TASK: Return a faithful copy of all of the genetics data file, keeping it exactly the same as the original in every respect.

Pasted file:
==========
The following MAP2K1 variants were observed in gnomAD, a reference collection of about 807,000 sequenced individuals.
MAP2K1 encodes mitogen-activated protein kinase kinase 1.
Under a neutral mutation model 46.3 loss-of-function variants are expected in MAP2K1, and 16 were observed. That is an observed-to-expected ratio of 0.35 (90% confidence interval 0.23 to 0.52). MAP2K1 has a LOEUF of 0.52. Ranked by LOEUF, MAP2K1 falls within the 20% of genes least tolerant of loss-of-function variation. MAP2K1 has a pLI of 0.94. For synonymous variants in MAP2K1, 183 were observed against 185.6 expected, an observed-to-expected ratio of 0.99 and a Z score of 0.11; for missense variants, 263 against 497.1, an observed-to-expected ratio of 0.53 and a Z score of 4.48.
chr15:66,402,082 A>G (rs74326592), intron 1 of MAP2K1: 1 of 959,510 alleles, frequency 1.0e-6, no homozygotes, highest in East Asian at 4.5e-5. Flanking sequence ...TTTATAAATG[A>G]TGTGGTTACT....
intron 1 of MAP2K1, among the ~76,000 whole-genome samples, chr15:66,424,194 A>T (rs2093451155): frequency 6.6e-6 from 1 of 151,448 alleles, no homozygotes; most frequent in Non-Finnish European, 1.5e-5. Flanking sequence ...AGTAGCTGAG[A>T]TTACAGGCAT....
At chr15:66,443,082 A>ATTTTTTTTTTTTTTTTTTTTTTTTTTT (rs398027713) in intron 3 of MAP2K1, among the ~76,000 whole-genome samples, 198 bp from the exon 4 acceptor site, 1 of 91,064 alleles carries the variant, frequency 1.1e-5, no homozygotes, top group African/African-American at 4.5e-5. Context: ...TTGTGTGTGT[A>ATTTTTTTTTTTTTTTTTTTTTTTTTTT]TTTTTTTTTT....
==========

The following MAP2K1 variants were observed in gnomAD, a reference collection of about 807,000 sequenced individuals.
MAP2K1 encodes mitogen-activated protein kinase kinase 1.
Under a neutral mutation model 46.3 loss-of-function variants are expected in MAP2K1, and 16 were observed. That is an observed-to-expected ratio of 0.35 (90% confidence interval 0.23 to 0.52). MAP2K1 has a LOEUF of 0.52. Ranked by LOEUF, MAP2K1 falls within the 20% of genes least tolerant of loss-of-function variation. MAP2K1 has a pLI of 0.94. For synonymous variants in MAP2K1, 183 were observed against 185.6 expected, an observed-to-expected ratio of 0.99 and a Z score of 0.11; for missense variants, 263 against 497.1, an observed-to-expected ratio of 0.53 and a Z score of 4.48.
chr15:66,402,082 A>G (rs74326592), intron 1 of MAP2K1: 1 of 959,510 alleles, frequency 1.0e-6, no homozygotes, highest in East Asian at 4.5e-5. Flanking sequence ...TTTATAAATG[A>G]TGTGGTTACT....
intron 1 of MAP2K1, among the ~76,000 whole-genome samples, chr15:66,424,194 A>T (rs2093451155): frequency 6.6e-6 from 1 of 151,448 alleles, no homozygotes; most frequent in Non-Finnish European, 1.5e-5. Flanking sequence ...AGTAGCTGAG[A>T]TTACAGGCAT....
At chr15:66,443,082 A>ATTTTTTTTTTTTTTTTTTTTTTTTTTT (rs398027713) in intron 3 of MAP2K1, among the ~76,000 whole-genome samples, 198 bp from the exon 4 acceptor site, 1 of 91,064 alleles carries the variant, frequency 1.1e-5, no homozygotes, top group African/African-American at 4.5e-5. Context: ...TTGTGTGTGT[A>ATTTTTTTTTTTTTTTTTTTTTTTTTTT]TTTTTTTTTT....